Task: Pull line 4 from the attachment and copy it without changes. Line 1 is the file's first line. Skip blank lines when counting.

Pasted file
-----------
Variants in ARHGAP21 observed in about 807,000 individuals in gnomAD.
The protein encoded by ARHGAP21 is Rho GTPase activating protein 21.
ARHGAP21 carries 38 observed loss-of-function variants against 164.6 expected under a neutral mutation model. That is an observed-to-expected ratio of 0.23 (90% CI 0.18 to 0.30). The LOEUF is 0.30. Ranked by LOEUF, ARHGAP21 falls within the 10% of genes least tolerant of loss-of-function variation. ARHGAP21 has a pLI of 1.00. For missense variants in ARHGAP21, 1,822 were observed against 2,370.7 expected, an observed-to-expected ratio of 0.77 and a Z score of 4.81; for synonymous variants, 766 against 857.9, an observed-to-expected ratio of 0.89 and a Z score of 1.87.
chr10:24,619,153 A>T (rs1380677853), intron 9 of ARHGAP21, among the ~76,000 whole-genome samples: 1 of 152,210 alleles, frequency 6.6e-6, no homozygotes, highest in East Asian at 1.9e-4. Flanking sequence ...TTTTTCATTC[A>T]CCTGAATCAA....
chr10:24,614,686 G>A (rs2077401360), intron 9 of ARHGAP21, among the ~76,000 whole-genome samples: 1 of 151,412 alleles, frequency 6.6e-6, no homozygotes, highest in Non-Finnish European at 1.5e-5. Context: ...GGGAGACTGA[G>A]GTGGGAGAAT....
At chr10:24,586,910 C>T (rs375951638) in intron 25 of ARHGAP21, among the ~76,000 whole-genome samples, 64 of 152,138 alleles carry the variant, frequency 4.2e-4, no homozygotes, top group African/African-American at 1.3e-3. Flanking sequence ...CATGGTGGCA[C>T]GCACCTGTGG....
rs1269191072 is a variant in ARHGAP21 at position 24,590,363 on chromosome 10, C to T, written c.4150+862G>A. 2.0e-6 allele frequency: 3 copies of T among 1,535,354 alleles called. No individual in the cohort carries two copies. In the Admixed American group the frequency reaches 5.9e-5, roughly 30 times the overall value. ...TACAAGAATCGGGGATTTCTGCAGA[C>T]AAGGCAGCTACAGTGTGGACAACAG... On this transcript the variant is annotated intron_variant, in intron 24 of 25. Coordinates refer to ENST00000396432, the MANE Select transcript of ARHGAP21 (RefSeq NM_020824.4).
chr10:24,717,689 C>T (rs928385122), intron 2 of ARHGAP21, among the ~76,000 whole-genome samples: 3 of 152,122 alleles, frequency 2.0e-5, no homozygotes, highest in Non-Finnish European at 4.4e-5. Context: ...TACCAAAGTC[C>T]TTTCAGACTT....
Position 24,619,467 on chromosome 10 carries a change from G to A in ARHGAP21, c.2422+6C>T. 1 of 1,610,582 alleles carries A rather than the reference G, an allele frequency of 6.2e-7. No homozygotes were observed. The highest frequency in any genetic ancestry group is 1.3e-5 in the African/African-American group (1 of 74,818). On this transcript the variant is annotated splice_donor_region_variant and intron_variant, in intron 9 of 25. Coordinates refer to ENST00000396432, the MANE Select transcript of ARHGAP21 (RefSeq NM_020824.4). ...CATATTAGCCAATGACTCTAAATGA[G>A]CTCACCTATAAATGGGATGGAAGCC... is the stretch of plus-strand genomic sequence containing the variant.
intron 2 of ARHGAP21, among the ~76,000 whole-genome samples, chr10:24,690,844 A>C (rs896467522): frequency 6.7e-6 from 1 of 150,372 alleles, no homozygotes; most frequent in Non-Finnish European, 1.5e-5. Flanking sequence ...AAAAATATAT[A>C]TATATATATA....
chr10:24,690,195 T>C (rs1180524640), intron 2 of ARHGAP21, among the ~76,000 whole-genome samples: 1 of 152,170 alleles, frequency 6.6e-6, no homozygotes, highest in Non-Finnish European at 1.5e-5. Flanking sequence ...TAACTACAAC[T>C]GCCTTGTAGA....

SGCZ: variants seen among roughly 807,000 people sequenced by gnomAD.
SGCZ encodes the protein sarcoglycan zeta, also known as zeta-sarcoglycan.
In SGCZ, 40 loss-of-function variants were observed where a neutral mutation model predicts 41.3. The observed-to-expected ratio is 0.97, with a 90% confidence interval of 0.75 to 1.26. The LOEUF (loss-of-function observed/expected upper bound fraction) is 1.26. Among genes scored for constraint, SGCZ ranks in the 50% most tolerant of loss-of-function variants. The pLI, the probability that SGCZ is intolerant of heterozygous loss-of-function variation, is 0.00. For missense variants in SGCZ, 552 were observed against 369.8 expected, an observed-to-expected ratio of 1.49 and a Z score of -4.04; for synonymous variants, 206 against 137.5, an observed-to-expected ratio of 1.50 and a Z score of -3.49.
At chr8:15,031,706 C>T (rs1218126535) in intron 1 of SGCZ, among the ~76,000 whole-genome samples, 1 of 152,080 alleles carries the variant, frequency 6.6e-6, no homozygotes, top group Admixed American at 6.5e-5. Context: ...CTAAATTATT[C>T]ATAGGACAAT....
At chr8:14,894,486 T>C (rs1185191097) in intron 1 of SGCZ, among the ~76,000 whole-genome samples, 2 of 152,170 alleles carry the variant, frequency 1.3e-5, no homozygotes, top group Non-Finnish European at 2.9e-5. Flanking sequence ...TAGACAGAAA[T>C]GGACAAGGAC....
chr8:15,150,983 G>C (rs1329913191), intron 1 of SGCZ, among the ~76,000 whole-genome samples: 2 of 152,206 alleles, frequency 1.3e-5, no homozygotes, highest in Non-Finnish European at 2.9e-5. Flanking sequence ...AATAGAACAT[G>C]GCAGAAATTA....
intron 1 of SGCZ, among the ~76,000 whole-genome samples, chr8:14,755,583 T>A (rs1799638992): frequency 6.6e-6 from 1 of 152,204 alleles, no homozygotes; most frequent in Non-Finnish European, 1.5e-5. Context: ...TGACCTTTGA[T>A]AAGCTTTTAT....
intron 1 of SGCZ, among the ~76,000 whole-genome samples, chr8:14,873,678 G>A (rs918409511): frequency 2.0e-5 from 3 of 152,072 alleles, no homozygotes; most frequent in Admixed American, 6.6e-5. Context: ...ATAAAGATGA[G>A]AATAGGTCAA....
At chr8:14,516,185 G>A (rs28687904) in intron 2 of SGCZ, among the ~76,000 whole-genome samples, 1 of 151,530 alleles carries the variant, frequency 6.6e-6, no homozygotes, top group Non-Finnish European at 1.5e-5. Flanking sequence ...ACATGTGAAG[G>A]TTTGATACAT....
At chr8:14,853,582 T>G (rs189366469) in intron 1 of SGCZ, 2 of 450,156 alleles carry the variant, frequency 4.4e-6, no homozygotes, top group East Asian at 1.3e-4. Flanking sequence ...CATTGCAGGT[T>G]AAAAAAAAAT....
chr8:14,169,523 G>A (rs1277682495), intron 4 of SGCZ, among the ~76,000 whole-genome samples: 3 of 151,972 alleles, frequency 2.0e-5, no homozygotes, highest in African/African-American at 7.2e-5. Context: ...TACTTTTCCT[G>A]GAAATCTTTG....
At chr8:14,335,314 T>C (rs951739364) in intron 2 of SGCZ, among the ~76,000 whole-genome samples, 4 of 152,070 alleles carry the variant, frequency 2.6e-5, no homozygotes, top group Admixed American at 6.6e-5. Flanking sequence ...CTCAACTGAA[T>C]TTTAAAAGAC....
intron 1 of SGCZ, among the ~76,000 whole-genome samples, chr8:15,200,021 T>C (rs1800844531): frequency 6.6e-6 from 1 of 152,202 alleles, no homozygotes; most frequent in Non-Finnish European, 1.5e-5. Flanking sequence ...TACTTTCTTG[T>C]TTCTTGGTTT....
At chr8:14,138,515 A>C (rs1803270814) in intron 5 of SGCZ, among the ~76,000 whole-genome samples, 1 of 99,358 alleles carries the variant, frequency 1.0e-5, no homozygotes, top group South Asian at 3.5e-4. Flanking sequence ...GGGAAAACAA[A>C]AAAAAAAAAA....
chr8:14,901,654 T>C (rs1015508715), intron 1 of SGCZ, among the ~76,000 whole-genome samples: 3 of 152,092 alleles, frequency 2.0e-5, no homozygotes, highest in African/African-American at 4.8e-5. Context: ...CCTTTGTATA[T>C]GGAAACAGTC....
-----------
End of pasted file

chr10:24,619,153 A>T (rs1380677853), intron 9 of ARHGAP21, among the ~76,000 whole-genome samples: 1 of 152,210 alleles, frequency 6.6e-6, no homozygotes, highest in East Asian at 1.9e-4. Flanking sequence ...TTTTTCATTC[A>T]CCTGAATCAA....